Odawara is a quiet coastal town on the shores of Sugima Bay just south-west of Tokyo in Kanagawa Prefecture. Once a seat of great power in feudal Japan, it is now a relaxing must-visit stop along the way to neighboring hot spring town Hakone or onward to nearby Mt. Fuji.
The town’s historic heritage extends beyond the walls and moats of its formidable fortress, Odawara castle. As a major post station along the Tōkaidō, an ancient road connecting Kyōto to modern day Tōkyō, Odawara prospered as a center of commerce and trade. Businesses flourished with the bounty of local agriculture and seafood. Some companies established centuries ago still operate today, the reins of each having been handed down from generation to generation.
With 150 years of history and an origin story directly connected to Odawara castle, Chinriu Honten is one such producer. In 1871 the last chief and cook of Odawara castle, Monya Komine, decided to use his culinary skills to open a restaurant; a restaurant that would eventually become Chinriu Honten.
Using the local bounty from both the sea and land, Monya Komine’s traditionally crafted products steadily grew in popularity with travelers making their way to the hot springs of Hakone. They quickly became renowned local gifts and would lead to Chinriu’s full dedication to the products they make today.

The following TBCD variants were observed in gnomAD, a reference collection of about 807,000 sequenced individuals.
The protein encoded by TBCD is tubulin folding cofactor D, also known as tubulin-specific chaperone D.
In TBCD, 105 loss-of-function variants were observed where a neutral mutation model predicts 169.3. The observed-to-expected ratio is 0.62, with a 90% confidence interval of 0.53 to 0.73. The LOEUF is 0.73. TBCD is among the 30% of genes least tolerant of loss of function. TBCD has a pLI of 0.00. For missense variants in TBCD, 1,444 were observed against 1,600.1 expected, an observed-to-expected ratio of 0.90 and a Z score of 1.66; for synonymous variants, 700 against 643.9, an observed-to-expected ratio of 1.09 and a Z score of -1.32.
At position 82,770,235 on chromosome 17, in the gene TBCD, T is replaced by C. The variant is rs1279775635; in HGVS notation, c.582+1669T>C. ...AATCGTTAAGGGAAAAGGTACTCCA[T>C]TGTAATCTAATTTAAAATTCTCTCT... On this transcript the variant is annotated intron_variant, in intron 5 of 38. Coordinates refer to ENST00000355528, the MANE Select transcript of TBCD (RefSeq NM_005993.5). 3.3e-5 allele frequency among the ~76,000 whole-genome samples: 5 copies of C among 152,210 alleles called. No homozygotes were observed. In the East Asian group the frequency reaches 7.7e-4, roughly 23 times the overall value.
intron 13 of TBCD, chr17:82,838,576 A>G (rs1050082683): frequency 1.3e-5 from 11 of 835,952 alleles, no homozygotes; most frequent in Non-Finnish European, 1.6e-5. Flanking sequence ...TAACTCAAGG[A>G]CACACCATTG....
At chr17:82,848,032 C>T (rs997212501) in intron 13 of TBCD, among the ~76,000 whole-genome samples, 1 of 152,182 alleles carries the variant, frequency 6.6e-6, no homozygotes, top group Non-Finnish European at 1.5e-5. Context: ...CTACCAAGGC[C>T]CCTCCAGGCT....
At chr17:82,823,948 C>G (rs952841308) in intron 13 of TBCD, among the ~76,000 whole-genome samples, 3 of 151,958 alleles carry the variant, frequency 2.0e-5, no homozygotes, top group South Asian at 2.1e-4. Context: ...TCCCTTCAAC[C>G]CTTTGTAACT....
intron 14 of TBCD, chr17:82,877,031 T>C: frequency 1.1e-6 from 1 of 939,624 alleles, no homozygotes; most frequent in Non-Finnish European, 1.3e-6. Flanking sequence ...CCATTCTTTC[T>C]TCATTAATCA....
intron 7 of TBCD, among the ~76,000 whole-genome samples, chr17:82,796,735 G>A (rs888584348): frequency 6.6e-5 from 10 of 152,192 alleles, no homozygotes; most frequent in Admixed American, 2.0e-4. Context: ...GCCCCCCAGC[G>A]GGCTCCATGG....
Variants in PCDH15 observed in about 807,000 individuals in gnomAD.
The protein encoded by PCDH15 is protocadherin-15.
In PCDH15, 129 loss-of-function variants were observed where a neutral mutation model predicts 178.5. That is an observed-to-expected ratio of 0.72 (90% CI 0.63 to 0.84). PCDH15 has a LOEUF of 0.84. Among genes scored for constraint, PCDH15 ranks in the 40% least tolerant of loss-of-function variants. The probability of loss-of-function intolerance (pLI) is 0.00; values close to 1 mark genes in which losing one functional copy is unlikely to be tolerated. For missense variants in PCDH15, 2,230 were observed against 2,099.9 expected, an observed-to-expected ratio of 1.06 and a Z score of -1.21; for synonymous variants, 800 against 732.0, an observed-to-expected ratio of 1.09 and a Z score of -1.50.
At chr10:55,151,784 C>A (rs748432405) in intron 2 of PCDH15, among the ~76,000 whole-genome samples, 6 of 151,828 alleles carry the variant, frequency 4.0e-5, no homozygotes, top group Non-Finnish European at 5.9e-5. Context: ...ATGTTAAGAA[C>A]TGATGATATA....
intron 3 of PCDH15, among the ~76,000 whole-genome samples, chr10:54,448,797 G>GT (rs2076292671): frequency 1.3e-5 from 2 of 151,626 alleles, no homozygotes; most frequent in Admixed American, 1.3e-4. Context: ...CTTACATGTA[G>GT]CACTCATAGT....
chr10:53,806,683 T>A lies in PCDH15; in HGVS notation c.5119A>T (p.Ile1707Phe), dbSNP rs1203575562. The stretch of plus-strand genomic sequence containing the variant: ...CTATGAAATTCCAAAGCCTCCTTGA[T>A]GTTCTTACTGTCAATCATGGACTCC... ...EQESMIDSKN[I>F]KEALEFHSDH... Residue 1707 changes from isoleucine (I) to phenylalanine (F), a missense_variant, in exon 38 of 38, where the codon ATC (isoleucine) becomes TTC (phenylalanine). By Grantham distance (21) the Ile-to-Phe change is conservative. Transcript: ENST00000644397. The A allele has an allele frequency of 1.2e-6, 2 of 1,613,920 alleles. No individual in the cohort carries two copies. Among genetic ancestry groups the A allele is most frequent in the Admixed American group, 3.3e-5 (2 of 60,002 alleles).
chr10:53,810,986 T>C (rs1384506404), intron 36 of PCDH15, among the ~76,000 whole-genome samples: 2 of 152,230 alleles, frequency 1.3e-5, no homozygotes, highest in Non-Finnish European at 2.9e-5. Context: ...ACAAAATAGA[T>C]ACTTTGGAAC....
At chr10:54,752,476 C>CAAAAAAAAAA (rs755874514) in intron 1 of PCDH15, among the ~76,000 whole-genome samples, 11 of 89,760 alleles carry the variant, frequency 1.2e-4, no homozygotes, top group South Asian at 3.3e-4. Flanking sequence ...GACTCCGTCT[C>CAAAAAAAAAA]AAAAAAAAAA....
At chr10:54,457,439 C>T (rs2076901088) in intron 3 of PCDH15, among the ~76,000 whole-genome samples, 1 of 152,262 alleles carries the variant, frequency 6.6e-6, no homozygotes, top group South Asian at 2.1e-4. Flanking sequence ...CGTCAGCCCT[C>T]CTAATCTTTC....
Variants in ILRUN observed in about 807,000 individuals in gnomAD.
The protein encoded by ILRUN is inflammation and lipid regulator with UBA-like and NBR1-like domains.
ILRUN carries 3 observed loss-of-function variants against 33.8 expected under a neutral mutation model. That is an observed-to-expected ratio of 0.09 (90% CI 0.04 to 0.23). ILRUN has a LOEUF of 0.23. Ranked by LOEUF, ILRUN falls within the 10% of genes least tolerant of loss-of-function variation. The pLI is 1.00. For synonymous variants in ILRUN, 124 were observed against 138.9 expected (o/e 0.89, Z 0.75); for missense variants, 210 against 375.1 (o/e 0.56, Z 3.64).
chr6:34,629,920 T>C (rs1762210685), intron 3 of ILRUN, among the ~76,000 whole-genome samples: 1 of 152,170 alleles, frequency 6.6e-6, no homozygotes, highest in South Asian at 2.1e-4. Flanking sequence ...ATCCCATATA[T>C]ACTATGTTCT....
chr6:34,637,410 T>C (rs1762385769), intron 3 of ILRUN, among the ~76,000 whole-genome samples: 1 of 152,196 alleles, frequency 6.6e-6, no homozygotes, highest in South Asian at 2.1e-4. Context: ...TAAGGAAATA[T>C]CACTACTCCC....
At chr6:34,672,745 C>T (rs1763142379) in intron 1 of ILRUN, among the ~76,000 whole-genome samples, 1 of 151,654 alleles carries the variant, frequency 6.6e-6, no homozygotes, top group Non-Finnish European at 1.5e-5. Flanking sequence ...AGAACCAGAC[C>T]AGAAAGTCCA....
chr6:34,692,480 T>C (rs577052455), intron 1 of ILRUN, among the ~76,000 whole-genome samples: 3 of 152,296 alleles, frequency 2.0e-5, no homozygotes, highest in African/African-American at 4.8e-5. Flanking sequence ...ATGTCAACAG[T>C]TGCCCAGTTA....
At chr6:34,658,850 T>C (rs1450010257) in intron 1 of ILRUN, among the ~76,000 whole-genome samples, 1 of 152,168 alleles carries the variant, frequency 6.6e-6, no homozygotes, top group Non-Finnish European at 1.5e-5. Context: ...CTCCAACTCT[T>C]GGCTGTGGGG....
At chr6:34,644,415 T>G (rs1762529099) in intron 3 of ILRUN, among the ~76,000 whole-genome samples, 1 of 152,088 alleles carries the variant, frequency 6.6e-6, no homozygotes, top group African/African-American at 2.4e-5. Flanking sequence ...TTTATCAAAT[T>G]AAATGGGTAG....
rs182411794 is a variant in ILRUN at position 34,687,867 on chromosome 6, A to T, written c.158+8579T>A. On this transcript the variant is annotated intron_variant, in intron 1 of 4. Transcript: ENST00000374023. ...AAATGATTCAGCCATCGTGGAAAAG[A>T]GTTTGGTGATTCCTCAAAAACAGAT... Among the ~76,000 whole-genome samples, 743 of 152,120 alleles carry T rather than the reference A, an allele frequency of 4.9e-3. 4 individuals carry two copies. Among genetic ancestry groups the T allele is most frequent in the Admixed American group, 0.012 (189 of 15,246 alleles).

Now in operation under the fifth generation of the Komine family, Chinriu specializes in producing condiments, pickles, and sweets using ume (Japanese plums),akajiso (red perilla), and sakura (cherry blossoms). By maintaining traditional artisanal techniques that forgo the use of unnecessary enhancers and additives, Chinriu is dedicated to crafting natural products that introduce the tastes of traditional Japan to the world.
Quality Ingredients for Quality Products
Chinriu sources their ingredients from a select group of farmers to ensure their products remain authentic to traditional production methods. This then allows them to create products that are the highest expression of their tradition as possible. And with the renowned quality of ingredients grown locally in Odawara, Chinriu doesn’t have to look far.